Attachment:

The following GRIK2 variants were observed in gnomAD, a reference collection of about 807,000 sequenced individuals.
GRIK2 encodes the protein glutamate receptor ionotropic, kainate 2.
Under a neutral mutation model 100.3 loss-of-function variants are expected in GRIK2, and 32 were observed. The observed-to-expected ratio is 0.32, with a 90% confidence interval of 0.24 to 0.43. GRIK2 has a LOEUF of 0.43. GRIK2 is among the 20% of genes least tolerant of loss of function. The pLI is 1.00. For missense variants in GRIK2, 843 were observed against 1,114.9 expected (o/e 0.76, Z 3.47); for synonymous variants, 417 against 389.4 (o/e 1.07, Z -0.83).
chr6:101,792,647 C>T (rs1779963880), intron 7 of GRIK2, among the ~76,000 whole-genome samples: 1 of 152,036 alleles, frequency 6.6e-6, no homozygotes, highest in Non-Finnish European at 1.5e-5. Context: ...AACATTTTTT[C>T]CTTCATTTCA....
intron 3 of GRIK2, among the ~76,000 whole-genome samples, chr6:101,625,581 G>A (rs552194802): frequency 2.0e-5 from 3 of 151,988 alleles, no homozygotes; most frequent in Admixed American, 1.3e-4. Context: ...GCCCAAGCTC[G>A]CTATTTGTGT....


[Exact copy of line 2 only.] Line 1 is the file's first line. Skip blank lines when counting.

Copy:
GRIK2 encodes the protein glutamate receptor ionotropic, kainate 2.